The Role of Elected Members on the Security Council: Key Players or Lame Ducks?


The Role of Elected Members on the Security Council: Key Players or Lame Ducks?

Room 920, Level 9

Parkville campus

185 Pelham Street

Booking not required

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T: (03) 8344 4799

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Melbourne Law School

Apart from the five permanent powers (P-5), the United Nations (UN) Security Council consists of 10 elected members (E-10). They serve a term of two years only and hence they are also called the non-permanent members. Furthermore, unlike the P-5 they are not vested with the right of veto. At the same time, the E-10 play an indispensable role in the decision-making process: the Security Council can only take decisions if at least nine members vote in favour, with none of the P-5 casting a veto. The E-10 represent five different regions of the world. Apart from an equitable geographical distribution, they are also elected in view of their contribution to the maintenance of international peace and security and the other purposes of the UN. Both Australia and the Netherlands have served five times on the Security Council since 1945.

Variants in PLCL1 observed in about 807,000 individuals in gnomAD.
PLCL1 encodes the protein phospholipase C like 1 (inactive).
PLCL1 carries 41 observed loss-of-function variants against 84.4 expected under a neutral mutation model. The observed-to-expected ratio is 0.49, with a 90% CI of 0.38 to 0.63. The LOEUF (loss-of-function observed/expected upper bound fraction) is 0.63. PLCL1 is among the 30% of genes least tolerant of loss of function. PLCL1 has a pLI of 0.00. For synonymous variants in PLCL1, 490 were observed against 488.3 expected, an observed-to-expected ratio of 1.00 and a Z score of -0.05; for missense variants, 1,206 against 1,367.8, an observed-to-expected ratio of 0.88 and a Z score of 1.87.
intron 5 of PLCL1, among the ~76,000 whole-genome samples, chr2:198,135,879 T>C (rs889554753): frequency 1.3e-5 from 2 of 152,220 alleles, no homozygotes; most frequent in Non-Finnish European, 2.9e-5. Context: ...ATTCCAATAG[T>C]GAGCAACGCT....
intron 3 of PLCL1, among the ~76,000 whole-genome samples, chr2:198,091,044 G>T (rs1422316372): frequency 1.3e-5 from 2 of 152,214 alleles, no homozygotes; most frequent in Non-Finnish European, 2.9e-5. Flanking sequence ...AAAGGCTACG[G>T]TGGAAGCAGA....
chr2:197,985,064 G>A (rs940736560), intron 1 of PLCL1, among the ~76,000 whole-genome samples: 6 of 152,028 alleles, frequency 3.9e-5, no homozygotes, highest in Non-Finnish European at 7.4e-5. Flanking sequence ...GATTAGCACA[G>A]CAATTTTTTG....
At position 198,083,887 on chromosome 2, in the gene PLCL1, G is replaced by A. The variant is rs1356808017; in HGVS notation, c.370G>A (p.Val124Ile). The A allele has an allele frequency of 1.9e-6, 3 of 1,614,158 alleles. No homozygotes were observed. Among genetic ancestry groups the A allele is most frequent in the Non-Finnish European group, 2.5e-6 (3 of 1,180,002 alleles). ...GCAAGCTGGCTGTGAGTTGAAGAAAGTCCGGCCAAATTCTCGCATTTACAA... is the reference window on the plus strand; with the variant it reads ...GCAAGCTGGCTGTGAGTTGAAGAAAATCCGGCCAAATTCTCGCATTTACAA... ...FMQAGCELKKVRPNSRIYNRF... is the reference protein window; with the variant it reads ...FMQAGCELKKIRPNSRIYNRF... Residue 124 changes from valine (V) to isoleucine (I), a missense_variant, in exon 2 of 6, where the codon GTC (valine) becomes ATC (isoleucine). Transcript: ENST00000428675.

While fully realising that the E-10 never form a homogeneous group, it is pertinent to identify and explore their joint strengths. What role for the E-10 is foreseen by the Charter of the UN, and how has this role evolved in practice? What are their chances and opportunities to employ what is in the toolbox of the Security Council? Are there any particular ‘niches’ for the E-10 in the Security Council, such as, for example, taking initiatives on rule of law issues, engaging in conflict prevention and debating the potential effects of climate change on peace and security? Can they serve as agents of the international community and norm-setters?

This lecture will also discuss the reform of the Security Council, in particular from the perspective of the E-10. Should their position be strengthened, e.g. by increasing their number or by extending the term of two years? Is there any room for strengthening their position by informal changes that do not require Charter amendment?

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